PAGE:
Mayor told think again over casino - Sunday 9th of August 2009

AYOR Nick Bye is being urged to drop the idea of a new casino for Torquay amid claims it may be put on hold for 18 months.

The 50,000 set aside this year for the project and allocated officer time could be better spent, say the Lib Dems.

They claim around the country 10 casinos have closed down as the recession starts to take hold.

The mayor has asked for a report setting out the latest position and to investigate whether delaying the project for a year or 18 months would damage the resorts prospects of getting any casino. The council is about to produce a gambling policy.

Following the councillors briefing Liberal Democrat group leader Steve Darling said it was clear a new casino would only be likely to lead to a couple of dozen more jobs at best.

He wrote to Mr Bye saying: "The Liberal Democrats have always been casino sceptics. My scepticism has increased. The Government has also changed the tax regime for casinos, and the UK is experiencing an economic downturn.

"Given all the above I and many others are curious to know why you are so hell bent on this project, when there will be little, if any, gain for local people.

"The 50,000 you have set aside for this project, and the council officer time involved, would I am sure be better spent on something more worthwhile."

Cllr Darling told the Herald Express: "As it is now obviously not going to be Torbays economic saviour as the mayor said it would be, it is time for him to think again on this project."

Bay MP Adrian Sanders, said: "I warned right from the start of the process the sums would not stack up, and were probably never going to, even when the economy was not in trouble. It was never going to be a goer.

"But a lot of council taxpayers money has been wasted in pursuit of this dream which never had public support.

"The mayor needs to put forward a vision for the seafront which has the support of the people of Torquay, not something put together by external agents."

Mayor Bye denied he was hell bent on the casino.

"I think we should have an open mind on this. Things have moved on from two or three years ago with the casino business."

He said when the idea was first mooted there seemed to be widespread support for the idea. But opinions at the workshop ranged from those keen to see a new casino in the town to those who strongly oppose it.

Mr Bye said: "There are so many more other opportunities available to Torbay than there were two or three years ago. The tax regime for casinos has also changed so there is less profit for operators, the economy has also slowed down and the leisure industry is having a hard time.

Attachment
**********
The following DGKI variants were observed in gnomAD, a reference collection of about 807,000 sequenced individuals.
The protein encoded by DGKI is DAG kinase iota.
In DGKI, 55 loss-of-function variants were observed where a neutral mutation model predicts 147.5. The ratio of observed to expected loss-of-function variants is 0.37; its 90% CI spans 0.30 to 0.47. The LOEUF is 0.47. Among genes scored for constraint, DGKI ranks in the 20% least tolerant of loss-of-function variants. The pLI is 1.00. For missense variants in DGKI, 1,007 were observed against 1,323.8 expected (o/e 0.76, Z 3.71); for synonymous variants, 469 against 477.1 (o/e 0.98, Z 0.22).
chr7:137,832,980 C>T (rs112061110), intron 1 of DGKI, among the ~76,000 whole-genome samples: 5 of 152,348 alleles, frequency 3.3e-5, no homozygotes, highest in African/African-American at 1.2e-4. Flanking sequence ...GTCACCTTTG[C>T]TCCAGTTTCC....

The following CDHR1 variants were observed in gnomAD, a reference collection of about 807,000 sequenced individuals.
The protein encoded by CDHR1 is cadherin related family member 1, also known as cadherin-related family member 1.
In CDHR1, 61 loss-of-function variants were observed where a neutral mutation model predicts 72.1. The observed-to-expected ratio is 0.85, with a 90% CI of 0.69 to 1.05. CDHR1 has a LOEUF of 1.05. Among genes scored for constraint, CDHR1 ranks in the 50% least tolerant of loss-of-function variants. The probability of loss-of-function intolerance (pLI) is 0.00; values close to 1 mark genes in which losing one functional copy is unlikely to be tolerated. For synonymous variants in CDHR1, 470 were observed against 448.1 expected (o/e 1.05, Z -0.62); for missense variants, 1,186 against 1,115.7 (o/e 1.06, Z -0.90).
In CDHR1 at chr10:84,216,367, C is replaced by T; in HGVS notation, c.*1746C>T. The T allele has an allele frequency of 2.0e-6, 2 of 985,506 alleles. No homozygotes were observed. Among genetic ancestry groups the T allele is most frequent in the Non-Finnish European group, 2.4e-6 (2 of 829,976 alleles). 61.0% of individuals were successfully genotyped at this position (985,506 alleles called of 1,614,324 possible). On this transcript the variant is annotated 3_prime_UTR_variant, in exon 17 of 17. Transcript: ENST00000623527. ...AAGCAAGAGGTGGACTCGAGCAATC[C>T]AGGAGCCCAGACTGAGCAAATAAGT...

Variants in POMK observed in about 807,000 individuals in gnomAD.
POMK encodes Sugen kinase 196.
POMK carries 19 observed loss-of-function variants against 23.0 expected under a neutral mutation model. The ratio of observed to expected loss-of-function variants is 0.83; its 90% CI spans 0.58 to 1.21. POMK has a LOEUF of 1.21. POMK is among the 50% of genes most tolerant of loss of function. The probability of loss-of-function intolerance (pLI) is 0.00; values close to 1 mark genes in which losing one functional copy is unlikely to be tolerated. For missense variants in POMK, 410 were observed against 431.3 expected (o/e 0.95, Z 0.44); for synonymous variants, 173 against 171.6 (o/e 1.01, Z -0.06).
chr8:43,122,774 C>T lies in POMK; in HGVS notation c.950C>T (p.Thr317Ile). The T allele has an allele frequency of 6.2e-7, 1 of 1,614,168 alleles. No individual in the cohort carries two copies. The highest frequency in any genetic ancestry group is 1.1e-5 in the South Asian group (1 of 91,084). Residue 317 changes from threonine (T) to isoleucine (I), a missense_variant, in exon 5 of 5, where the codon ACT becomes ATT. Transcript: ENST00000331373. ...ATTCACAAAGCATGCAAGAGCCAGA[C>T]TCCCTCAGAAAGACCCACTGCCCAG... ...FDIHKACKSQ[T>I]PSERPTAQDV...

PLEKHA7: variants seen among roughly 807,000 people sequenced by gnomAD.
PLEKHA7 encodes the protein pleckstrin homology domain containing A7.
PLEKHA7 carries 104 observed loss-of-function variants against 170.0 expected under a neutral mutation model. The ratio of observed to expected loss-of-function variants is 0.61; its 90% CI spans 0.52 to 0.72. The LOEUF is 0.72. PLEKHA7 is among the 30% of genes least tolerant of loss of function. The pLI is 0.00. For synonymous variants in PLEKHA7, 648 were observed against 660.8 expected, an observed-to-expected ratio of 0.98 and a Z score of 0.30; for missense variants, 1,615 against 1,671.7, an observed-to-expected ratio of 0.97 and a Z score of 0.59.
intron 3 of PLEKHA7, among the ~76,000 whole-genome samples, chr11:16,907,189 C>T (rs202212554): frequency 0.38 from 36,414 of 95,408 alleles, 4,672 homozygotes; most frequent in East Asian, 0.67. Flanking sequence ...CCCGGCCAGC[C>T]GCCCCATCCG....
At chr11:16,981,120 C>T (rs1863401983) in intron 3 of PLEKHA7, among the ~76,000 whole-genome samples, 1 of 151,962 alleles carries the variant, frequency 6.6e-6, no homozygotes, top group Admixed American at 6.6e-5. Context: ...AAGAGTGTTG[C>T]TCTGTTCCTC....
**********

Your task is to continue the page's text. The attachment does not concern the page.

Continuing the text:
"What was on offer two or three years ago might not be on offer now. But maybe things will get better in a year or two.

"I always said what we wanted was an entertainment complex, rather like a cruise ship experience, which will draw in high spending visitors to the Bay.

"If in this climate the community benefit of this scheme is less attractive, then I think we have to have an open mind on it.

"I have always believed there have got to be community benefits and it has got to an attraction in its own right.

"If there are two companies keen on getting the licence then we will be in a strong position to negotiate on those benefits, otherwise we wont."

But he said areas like Newquay and Bournemouth would be keen to have the licence if Torbay didnt take it up.

"We mustnt shoot ourselves in the foot, pull out and then in five years time find Bournemouth or Newquay have wonderful new casinos pulling the visitors in."

Last autumn the council said it was talking to up to six developers who have been drawing up plans for the waterfront area in the hopes of going into partnership with Torbay Council.

Proposals suggested include a permanent ice rink within the banjo area as well as a hotel and casino complex on the harbours edge.

Other developers have suggested expanding the Princess Theatre and providing an outdoor arena with associated restaurants and shops.

Torbay Development Agency is in talks with a number of developers and operators regarding the casino licence. The next stage of the process is for Torbay Council to consult on its revised gambling policy prior to the licensing competition getting underway.

The new draft Torquay harbourside area action plan states that Torquay prom around the banjo and the Pavilion needs extensive repairs and a solution is needed which can generate significant income to finance this work.

The report suggests a redeveloped Pavilion, possibly taking in a larger area around the sea-facing and harbour side of the historic building, up to the banjo, and providing a new use for the Pavilion, could help raise funds for repairs to the building and prom.

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